I’m 48 today! Have a party favor!
Actually, I have two party favors for you. One of the things that fascinates me is the way you can tell the same story and, depending on the audience, it will differ wildly. Back in 2013, I wrote a story specifically for audio called Forest of Memory. I used the audio medium not just as a component of the story, but as a plot element.
The idea was that Katya Gould was telling you this story, and you were hearing her tell you and just you the story.
When Lee Harris at Tor.com asked about publishing it, I looked at the story, and it wasn’t going to work. A key component was that this story was a unique artifact. So I rewrote the entire thing, focusing on typewriters. This involved adding scenes, inserting typos and changing the diction of the piece. (By the way, intentional typos in a story make the copy-editors job oooooh so interesting. A couple of places she actually flagged that, stylistically, I should add some errors to a section.)
Here’s party favor the first — I have the manuscript for the 2013 audio version for you.
AND party favor the second…
While I was struggling with this story, I tried a technique in which you write the synopsis as if you are writing a children’s story. So, here’s the children’s story version of a Forest of Memories. (You can download the Forest of Memory children‘s thingie as a pdf.)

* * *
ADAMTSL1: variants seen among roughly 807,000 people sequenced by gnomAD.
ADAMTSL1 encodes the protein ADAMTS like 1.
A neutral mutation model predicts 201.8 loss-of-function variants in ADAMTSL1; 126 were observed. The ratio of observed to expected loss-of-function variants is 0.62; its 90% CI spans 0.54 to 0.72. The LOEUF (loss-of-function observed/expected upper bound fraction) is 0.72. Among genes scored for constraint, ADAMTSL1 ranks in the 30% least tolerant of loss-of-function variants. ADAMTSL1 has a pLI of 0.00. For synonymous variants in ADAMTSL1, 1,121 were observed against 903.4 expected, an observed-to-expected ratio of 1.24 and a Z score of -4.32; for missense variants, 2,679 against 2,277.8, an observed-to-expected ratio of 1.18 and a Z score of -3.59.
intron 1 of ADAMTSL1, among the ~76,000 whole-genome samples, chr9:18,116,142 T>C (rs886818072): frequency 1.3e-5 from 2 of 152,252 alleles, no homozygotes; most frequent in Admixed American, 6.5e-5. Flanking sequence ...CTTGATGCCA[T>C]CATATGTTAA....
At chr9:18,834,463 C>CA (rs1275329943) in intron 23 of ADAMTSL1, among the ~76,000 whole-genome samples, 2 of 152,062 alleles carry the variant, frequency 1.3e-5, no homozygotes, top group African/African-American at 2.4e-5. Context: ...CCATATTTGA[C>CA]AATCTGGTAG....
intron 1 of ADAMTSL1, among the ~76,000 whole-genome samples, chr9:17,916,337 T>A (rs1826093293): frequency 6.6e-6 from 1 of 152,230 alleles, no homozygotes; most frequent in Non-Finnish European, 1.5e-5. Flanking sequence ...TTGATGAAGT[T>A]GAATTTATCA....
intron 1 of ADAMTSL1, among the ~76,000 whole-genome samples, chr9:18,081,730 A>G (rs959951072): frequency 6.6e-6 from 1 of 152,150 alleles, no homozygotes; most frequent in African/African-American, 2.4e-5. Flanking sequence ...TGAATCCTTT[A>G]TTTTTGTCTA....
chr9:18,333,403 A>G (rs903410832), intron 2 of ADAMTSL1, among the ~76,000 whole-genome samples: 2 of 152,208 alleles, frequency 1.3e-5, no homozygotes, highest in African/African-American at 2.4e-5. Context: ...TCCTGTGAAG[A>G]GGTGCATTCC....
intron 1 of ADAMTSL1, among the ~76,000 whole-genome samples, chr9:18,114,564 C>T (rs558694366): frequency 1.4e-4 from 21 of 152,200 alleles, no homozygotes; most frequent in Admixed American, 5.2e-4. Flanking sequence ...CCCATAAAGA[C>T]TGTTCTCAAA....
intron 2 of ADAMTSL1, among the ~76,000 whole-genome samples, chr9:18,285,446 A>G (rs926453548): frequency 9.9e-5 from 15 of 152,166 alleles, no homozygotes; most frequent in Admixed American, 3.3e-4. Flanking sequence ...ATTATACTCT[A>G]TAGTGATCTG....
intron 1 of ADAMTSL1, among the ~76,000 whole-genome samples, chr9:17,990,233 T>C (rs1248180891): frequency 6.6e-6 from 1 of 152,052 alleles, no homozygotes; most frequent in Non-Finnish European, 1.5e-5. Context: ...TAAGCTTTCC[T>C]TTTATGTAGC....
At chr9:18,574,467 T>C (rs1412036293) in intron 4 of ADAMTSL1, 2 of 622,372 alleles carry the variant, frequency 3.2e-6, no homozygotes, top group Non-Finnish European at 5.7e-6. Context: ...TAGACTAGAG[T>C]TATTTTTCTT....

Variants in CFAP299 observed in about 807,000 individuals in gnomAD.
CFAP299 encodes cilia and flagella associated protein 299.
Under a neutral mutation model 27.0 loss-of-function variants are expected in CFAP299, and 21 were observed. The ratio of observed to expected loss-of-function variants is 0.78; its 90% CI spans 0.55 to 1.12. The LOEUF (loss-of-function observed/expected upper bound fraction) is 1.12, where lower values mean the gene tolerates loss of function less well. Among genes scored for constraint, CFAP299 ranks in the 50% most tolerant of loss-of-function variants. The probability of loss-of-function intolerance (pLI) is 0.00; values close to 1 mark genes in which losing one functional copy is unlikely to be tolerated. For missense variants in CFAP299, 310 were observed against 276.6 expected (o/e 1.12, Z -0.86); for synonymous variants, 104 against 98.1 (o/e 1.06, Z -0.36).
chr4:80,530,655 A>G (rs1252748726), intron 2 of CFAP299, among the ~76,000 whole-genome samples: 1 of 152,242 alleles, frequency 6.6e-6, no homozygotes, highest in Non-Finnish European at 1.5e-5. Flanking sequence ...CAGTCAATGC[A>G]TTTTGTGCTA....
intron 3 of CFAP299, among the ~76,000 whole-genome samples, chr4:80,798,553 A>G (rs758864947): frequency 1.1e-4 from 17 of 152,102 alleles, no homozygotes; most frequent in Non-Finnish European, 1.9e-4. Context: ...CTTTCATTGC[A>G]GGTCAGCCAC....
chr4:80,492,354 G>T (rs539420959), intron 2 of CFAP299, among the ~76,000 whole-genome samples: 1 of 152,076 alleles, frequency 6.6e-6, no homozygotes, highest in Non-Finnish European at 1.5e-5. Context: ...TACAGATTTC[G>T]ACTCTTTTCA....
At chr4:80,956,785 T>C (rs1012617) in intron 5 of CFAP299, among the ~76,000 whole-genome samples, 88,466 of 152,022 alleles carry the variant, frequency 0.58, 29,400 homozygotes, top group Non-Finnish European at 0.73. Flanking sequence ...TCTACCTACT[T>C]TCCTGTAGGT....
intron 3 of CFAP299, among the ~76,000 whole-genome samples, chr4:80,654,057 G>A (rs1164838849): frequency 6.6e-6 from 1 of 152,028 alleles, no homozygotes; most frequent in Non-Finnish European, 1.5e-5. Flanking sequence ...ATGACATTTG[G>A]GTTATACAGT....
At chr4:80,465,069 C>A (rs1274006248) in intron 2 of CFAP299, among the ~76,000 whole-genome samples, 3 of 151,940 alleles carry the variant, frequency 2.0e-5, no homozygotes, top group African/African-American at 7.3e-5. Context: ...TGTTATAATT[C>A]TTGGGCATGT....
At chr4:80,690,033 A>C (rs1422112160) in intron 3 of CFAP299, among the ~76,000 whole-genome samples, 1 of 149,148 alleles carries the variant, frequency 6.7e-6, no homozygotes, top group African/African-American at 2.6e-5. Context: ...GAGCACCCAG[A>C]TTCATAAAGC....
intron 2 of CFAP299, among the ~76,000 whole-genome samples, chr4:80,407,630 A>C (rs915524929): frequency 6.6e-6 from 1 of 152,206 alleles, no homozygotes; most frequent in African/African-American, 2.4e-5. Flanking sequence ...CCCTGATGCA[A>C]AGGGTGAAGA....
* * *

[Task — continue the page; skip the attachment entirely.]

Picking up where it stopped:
Forest of Memory as a children’s story
The day Katya went offline, she had only planned to buy a typewriter, a paperback book, and a stapler.
But when she rode her bicycle, with the typewriter, the paperback book, and the stapler, into the woods she saw a deer on the road. The deer saw her and stopped.
Katya thought it would be a very nice idea to take a picture of the deer, so she did. She asked her imaginary friend Lizzie to hold the picture for her, and Lizzie said she would.
While she watched the deer there was a bang and a pow and the deer fell down. Katya was not alone. She was not alone at all. There was a man on the road, with a gun. She told Lizzie to call for help.
But Lizzie didn’t answer.
All Katya had to fight the man with were the typewriter, the paperback book, and the stapler. And her bicycle. She tried to ride away, but her bicycle was too slow with the typewriter, the paperback book, and the stapler.
She left them all behind and ran into the woods, but the man found her anyway.
He shot her, the same way he shot the deear with a bang and a pow.
But Katya wasn’t dead and neither, it turned out, was the deer. The man had just put them both to sleep for a little while. He kept Katya close by his side while he hunted other deer. She wanted to run away, but didn’t know where she was. She didn’t even have the stapler.
She stayed with the man for three days. She thought he might keep her forever, but one of the deer gored the man with its horns. He was hurt very badly, and told her that she would need to call for help.
Finally, she could reach Lizzie who had been very worried about her. The police had found her bicycle, with the typewriter, the paperback book, and the stapler, but they couldn’t find Katya. She told them where she was and tried to lead them back to the man, but he was gone.
And the deer were gone.
And no one believed her.